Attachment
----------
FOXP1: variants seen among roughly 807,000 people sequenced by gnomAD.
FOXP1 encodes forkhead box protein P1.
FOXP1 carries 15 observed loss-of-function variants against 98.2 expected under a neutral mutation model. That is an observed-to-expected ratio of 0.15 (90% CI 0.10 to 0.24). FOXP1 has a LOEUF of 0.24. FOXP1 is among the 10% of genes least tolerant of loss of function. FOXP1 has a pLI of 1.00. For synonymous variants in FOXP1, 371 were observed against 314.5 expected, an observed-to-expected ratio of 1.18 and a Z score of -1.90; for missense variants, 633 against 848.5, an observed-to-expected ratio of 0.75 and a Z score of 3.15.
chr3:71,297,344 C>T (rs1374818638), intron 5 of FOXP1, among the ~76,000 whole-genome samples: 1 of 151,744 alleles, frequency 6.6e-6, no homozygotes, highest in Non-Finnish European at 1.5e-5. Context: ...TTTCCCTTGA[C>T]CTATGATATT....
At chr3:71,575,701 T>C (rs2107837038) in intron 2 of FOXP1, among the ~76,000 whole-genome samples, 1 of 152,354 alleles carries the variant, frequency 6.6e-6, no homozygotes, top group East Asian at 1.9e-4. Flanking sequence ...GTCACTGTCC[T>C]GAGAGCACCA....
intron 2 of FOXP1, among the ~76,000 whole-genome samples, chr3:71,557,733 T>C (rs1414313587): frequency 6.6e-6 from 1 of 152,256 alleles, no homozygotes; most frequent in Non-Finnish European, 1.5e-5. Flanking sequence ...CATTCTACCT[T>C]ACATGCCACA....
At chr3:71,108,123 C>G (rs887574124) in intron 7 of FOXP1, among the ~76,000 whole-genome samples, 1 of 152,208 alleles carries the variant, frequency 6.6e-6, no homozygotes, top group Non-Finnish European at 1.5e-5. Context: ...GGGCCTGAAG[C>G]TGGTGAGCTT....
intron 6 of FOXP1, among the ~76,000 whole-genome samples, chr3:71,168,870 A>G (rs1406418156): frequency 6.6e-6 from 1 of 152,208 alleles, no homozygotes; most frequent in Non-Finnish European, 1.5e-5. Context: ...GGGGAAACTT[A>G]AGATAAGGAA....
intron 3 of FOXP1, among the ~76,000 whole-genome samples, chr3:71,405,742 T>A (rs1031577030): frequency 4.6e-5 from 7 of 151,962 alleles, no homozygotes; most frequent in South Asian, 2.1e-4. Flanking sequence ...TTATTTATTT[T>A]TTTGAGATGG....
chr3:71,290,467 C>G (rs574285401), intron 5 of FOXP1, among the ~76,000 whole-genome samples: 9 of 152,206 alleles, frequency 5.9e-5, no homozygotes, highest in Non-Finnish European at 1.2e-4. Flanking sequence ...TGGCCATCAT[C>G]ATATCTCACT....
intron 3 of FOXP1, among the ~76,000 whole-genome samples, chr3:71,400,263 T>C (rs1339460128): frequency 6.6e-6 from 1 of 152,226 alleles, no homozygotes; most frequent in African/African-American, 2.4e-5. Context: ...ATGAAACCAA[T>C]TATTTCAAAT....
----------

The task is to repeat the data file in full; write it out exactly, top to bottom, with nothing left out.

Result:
FOXP1: variants seen among roughly 807,000 people sequenced by gnomAD.
FOXP1 encodes forkhead box protein P1.
FOXP1 carries 15 observed loss-of-function variants against 98.2 expected under a neutral mutation model. That is an observed-to-expected ratio of 0.15 (90% CI 0.10 to 0.24). FOXP1 has a LOEUF of 0.24. FOXP1 is among the 10% of genes least tolerant of loss of function. FOXP1 has a pLI of 1.00. For synonymous variants in FOXP1, 371 were observed against 314.5 expected, an observed-to-expected ratio of 1.18 and a Z score of -1.90; for missense variants, 633 against 848.5, an observed-to-expected ratio of 0.75 and a Z score of 3.15.
chr3:71,297,344 C>T (rs1374818638), intron 5 of FOXP1, among the ~76,000 whole-genome samples: 1 of 151,744 alleles, frequency 6.6e-6, no homozygotes, highest in Non-Finnish European at 1.5e-5. Context: ...TTTCCCTTGA[C>T]CTATGATATT....
At chr3:71,575,701 T>C (rs2107837038) in intron 2 of FOXP1, among the ~76,000 whole-genome samples, 1 of 152,354 alleles carries the variant, frequency 6.6e-6, no homozygotes, top group East Asian at 1.9e-4. Flanking sequence ...GTCACTGTCC[T>C]GAGAGCACCA....
intron 2 of FOXP1, among the ~76,000 whole-genome samples, chr3:71,557,733 T>C (rs1414313587): frequency 6.6e-6 from 1 of 152,256 alleles, no homozygotes; most frequent in Non-Finnish European, 1.5e-5. Flanking sequence ...CATTCTACCT[T>C]ACATGCCACA....
At chr3:71,108,123 C>G (rs887574124) in intron 7 of FOXP1, among the ~76,000 whole-genome samples, 1 of 152,208 alleles carries the variant, frequency 6.6e-6, no homozygotes, top group Non-Finnish European at 1.5e-5. Context: ...GGGCCTGAAG[C>G]TGGTGAGCTT....
intron 6 of FOXP1, among the ~76,000 whole-genome samples, chr3:71,168,870 A>G (rs1406418156): frequency 6.6e-6 from 1 of 152,208 alleles, no homozygotes; most frequent in Non-Finnish European, 1.5e-5. Context: ...GGGGAAACTT[A>G]AGATAAGGAA....
intron 3 of FOXP1, among the ~76,000 whole-genome samples, chr3:71,405,742 T>A (rs1031577030): frequency 4.6e-5 from 7 of 151,962 alleles, no homozygotes; most frequent in South Asian, 2.1e-4. Flanking sequence ...TTATTTATTT[T>A]TTTGAGATGG....
chr3:71,290,467 C>G (rs574285401), intron 5 of FOXP1, among the ~76,000 whole-genome samples: 9 of 152,206 alleles, frequency 5.9e-5, no homozygotes, highest in Non-Finnish European at 1.2e-4. Flanking sequence ...TGGCCATCAT[C>G]ATATCTCACT....
intron 3 of FOXP1, among the ~76,000 whole-genome samples, chr3:71,400,263 T>C (rs1339460128): frequency 6.6e-6 from 1 of 152,226 alleles, no homozygotes; most frequent in African/African-American, 2.4e-5. Context: ...ATGAAACCAA[T>C]TATTTCAAAT....